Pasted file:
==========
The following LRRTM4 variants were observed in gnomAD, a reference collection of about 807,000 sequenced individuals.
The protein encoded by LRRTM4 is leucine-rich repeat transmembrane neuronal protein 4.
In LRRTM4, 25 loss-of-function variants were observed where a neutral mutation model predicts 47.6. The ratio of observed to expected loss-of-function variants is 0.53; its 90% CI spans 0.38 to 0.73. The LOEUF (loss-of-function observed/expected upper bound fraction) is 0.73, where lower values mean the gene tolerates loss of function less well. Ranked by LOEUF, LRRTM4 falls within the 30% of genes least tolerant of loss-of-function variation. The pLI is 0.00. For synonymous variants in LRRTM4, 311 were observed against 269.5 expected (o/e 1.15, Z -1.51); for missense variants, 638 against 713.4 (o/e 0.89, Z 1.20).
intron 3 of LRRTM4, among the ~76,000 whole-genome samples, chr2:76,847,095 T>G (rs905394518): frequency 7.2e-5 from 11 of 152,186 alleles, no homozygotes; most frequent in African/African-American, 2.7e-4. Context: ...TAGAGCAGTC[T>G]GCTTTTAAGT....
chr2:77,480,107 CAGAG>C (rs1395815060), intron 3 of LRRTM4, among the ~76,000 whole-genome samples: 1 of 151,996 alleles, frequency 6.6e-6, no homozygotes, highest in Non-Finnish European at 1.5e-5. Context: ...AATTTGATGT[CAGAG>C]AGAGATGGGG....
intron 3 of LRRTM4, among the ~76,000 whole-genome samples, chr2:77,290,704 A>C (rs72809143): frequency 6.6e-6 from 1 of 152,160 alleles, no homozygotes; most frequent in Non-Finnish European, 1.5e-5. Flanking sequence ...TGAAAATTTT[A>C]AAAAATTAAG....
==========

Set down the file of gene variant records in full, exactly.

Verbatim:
The following LRRTM4 variants were observed in gnomAD, a reference collection of about 807,000 sequenced individuals.
The protein encoded by LRRTM4 is leucine-rich repeat transmembrane neuronal protein 4.
In LRRTM4, 25 loss-of-function variants were observed where a neutral mutation model predicts 47.6. The ratio of observed to expected loss-of-function variants is 0.53; its 90% CI spans 0.38 to 0.73. The LOEUF (loss-of-function observed/expected upper bound fraction) is 0.73, where lower values mean the gene tolerates loss of function less well. Ranked by LOEUF, LRRTM4 falls within the 30% of genes least tolerant of loss-of-function variation. The pLI is 0.00. For synonymous variants in LRRTM4, 311 were observed against 269.5 expected (o/e 1.15, Z -1.51); for missense variants, 638 against 713.4 (o/e 0.89, Z 1.20).
intron 3 of LRRTM4, among the ~76,000 whole-genome samples, chr2:76,847,095 T>G (rs905394518): frequency 7.2e-5 from 11 of 152,186 alleles, no homozygotes; most frequent in African/African-American, 2.7e-4. Context: ...TAGAGCAGTC[T>G]GCTTTTAAGT....
chr2:77,480,107 CAGAG>C (rs1395815060), intron 3 of LRRTM4, among the ~76,000 whole-genome samples: 1 of 151,996 alleles, frequency 6.6e-6, no homozygotes, highest in Non-Finnish European at 1.5e-5. Context: ...AATTTGATGT[CAGAG>C]AGAGATGGGG....
intron 3 of LRRTM4, among the ~76,000 whole-genome samples, chr2:77,290,704 A>C (rs72809143): frequency 6.6e-6 from 1 of 152,160 alleles, no homozygotes; most frequent in Non-Finnish European, 1.5e-5. Flanking sequence ...TGAAAATTTT[A>C]AAAAATTAAG....